What Is Flow Cytometry Light Scatter

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What Is Flow Cytometry Light Scatter

As a child, did you ever see a shadow puppet performance, or maybe make some with your hands to delight you and your friends?  The idea is that you put something between a light source and the wall, the shadow becoming alive with dogs, birds, wolves, and more.  

If we look at the alignment of a typical flow cytometer, we have a light source on one side of where the cells, and a series of detectors around the flow cell to capture the photons that are either emitted by the fluorochromes or that are scattered by the cells, as shown below in figure 1.

 

FIGURE 1:  Optical arrangement of the WOLF cell sorter.  

As with any flow cytometer, we can make two characteristic measurements of the physical properties of the cell, these are typically called forward scatter and side scatter, which are based on the location of the detector in relation to the laser interrogation point.

cell sorting information

Forward scatter

The forward scatter is located in line with the laser intercept and is typically considered a measure of the relative cell size. The side scatter is typically located perpendicular to the laser beam intercept and is used to measure the relative complexity of the cell. Taken together, these can be used to help characterize different cell populations at a macro level.

Looking at the forward scatter parameter, we are not actually measuring the shadow the cells casts on the detector. Instead, we measure something called Mie scatter, named after the German physicist who described it.  

Briefly, it describes the light scattering by an object that is approximately equal to the incident light and is influenced by the refractive index of the particle and the medium.  It is also influenced by the angle that the scattered light is measured at, which is vendordependent. 

Figure 2 shows the idea of forward scatter.  As a cell passes through the laser intercept, it can scatter light.  This is measured by the in-line detector.  Since the laser light is very bright, there is a bar that blocks the laser light from hitting the detector (black line in front of the detector).  What is collected are the photons represented by the dashed lines.  As shown in the bottom part of the figure, the larger the cell size, the more ‘intense’ the scatter, as described by Mie theory. Given the laser power is constant, the intensity is proportional to the scattering cross-sectional area.

Figure 2. Forward Scatter in a flow cytometer

As mentioned, this is also dependent on the refractive index of the particle, so that given a individual cell with a refractive index of approximately 1.3611, a polystyrene bead, of the same size, with a refractive index of 1.6052 (at 488 nm) will have a different scatter profile, therefore, one must be careful to overinterpret the forward scatter measurement.

Side angle scatter

The other physical parameter that we can measure is the side angle scatter, which represents the scattering from the internal complexity of the cell of interest.  This is influenced by cellular components such as the nucleus, granules and the like.  If one compares a lymphocyte3 to a basophil4 to a neutrophil.5 As shown below, it is easy to see how this side scatter parameter could be used to identify these major PBMC subsets.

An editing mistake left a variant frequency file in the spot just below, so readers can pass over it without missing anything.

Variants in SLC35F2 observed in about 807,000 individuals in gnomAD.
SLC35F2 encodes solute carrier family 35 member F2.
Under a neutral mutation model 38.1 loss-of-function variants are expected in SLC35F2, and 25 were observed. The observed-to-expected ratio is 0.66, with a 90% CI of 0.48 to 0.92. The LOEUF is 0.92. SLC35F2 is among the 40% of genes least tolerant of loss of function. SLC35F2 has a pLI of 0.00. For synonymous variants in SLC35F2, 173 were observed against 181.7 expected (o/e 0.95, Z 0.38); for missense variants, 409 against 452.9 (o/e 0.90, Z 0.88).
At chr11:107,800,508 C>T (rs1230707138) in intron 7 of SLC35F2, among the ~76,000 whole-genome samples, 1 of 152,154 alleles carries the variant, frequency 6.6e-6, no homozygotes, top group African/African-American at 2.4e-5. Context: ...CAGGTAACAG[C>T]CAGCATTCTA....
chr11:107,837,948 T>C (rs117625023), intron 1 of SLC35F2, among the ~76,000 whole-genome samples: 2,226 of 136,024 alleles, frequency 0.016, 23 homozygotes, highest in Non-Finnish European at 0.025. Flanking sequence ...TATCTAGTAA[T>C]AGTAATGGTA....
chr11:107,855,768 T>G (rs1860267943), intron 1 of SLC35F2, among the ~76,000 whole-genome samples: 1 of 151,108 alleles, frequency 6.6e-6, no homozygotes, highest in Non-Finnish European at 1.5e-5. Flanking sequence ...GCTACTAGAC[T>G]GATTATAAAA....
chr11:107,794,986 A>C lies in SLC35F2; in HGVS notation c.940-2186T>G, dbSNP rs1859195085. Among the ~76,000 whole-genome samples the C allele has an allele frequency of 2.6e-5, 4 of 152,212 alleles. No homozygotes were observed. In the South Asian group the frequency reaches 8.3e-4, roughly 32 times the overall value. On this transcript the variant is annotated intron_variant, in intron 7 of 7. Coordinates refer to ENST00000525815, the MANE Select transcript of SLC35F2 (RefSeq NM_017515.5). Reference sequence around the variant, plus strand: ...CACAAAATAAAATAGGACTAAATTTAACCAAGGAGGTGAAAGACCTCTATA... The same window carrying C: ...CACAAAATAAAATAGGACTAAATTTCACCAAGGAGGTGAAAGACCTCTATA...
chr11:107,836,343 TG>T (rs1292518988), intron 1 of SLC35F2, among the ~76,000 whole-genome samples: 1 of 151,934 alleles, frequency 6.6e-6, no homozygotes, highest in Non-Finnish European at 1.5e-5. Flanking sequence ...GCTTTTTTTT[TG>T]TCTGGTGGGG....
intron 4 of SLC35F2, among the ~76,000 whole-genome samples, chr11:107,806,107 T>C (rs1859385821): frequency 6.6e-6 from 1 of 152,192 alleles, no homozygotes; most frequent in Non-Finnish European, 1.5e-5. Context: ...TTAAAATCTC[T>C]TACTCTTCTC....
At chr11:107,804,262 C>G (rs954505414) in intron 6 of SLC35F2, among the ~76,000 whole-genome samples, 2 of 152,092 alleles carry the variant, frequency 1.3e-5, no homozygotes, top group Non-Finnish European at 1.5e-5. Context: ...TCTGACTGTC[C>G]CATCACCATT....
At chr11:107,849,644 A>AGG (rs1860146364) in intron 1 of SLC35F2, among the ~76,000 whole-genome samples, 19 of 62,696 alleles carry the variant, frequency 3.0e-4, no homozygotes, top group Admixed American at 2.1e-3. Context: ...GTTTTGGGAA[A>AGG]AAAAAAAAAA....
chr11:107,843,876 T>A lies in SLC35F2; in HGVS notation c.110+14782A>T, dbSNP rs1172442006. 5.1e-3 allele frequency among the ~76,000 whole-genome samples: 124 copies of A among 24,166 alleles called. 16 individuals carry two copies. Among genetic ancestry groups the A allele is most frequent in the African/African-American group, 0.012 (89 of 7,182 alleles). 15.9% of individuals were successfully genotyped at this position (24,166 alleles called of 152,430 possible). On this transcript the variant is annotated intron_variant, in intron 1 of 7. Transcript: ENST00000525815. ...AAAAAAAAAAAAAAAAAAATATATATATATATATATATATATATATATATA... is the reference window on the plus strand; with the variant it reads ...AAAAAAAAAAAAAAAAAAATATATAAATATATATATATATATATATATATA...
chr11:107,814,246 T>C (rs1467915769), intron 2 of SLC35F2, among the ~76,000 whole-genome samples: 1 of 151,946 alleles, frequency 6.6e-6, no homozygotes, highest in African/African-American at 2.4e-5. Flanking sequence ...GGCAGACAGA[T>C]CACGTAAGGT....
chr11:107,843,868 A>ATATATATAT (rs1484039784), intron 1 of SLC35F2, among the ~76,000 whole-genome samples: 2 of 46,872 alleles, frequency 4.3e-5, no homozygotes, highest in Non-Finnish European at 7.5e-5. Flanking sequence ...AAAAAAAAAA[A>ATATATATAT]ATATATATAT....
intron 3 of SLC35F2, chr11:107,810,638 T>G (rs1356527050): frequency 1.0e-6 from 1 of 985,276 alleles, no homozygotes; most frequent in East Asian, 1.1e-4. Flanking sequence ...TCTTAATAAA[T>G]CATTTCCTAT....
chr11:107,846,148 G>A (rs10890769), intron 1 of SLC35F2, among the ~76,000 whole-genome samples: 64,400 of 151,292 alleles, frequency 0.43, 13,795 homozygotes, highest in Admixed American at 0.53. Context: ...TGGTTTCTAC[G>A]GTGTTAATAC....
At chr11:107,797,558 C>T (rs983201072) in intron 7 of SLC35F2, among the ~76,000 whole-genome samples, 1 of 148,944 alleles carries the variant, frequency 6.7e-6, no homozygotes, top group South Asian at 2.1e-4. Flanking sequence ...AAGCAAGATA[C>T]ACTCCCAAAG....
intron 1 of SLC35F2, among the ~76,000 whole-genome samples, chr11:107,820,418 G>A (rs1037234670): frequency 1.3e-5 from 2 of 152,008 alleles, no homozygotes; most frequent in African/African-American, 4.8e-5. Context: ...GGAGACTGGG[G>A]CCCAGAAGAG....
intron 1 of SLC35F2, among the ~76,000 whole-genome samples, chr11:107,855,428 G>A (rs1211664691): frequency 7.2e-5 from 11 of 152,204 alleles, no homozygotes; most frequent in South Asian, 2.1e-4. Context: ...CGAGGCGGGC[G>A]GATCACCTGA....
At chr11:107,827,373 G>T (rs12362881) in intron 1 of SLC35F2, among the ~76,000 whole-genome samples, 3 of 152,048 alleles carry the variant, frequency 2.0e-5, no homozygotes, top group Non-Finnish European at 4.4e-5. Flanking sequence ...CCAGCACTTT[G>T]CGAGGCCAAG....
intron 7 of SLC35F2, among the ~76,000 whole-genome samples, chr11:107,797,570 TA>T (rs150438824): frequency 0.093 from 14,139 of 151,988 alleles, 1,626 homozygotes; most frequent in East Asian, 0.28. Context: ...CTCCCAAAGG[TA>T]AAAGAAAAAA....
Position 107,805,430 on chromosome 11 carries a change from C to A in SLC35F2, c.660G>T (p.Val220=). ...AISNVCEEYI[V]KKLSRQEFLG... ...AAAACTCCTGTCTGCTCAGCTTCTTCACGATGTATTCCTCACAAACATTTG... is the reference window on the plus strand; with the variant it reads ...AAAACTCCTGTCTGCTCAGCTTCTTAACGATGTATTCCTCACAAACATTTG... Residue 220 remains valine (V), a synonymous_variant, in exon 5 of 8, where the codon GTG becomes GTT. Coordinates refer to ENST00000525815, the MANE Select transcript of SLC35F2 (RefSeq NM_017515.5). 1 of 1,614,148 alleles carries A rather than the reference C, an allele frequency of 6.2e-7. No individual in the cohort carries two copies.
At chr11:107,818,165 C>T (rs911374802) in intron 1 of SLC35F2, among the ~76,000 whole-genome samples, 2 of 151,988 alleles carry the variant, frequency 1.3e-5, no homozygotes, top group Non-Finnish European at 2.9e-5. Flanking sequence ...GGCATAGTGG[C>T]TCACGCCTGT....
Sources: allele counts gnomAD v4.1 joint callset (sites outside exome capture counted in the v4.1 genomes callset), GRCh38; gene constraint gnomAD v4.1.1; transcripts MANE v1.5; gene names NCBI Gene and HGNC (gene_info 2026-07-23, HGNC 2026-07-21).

Figure 3: Wright-Giemsa staining of different PBMC based on increasing complexity.   

The power of measuring these physical parameters by flow cytometry light scatter becomes apparent when they are combined.  It is possible to provide a firsDoes Sunscreen Help with Acne?t order identification of the cell subsets in a sample.  This is shown below in Figure 4.

Figure 4: Identification of cellular subsets using physical parameters. From https://www.drugtargetreview.com/article/6339/flow-cytometry-not-just-a-box-in-the-lab/

While these examples have shown separating heterogeneous populations from a complex mixture (blood), these parameters are useful even for otherwise homogeneous cell populations such as from cell culture.  The scatter parameters can be used to identify small debris in the culture, as well as larger aggregations of cells.  As flow cytometry is a single-cell technique, getting rid of these aggregates is an important step to ensure high-quality data for analysis or cell sorting. 

In conclusion, flow cytometrists use the physical parameters of forward and side angle scatter to roughly describe the cell populations in their sample.  Taken together, they are important components of the analysis workflow and can lead to greater characterization of the sample.   

Sources:

  1. Zhang, Qinnan et al. “Quantitative refractive index distribution of single cell by combining phase-shifting interferometry and AFM imaging.” Scientific reports vol. 7,1 2532. 31 May. 2017, doi:10.1038/s41598-017-02797-8
  2. Stefka Nikolova Kasarova, Nina Georgieva Sultanova and Christo Dimitrov Ivanov et al. Analysis of the dispersion of optical plastic materials. Optical Materials. Vol. 29(11):1481-1490. DOI: 10.1016/j.optmat.2006.07.010
  3. Stefka Nikolova Kasarova, Nina Georgieva Sultanova and Christo Dimitrov Ivanov et al. Analysis of the dispersion of optical plastic materials. Optical Materials. Vol. 29(11):1481-1490. DOI: 10.1016/j.optmat.2006.07.010
  4. By User CS99 at German Wikipedia – German Wikipedia, Public Domain, https://commons.wikimedia.org/w/index.php?curid=349590
  5. By User CS99 at German Wikipedia – German Wikipedia, Public Domain, https://commons.wikimedia.org/w/index.php?curid=349598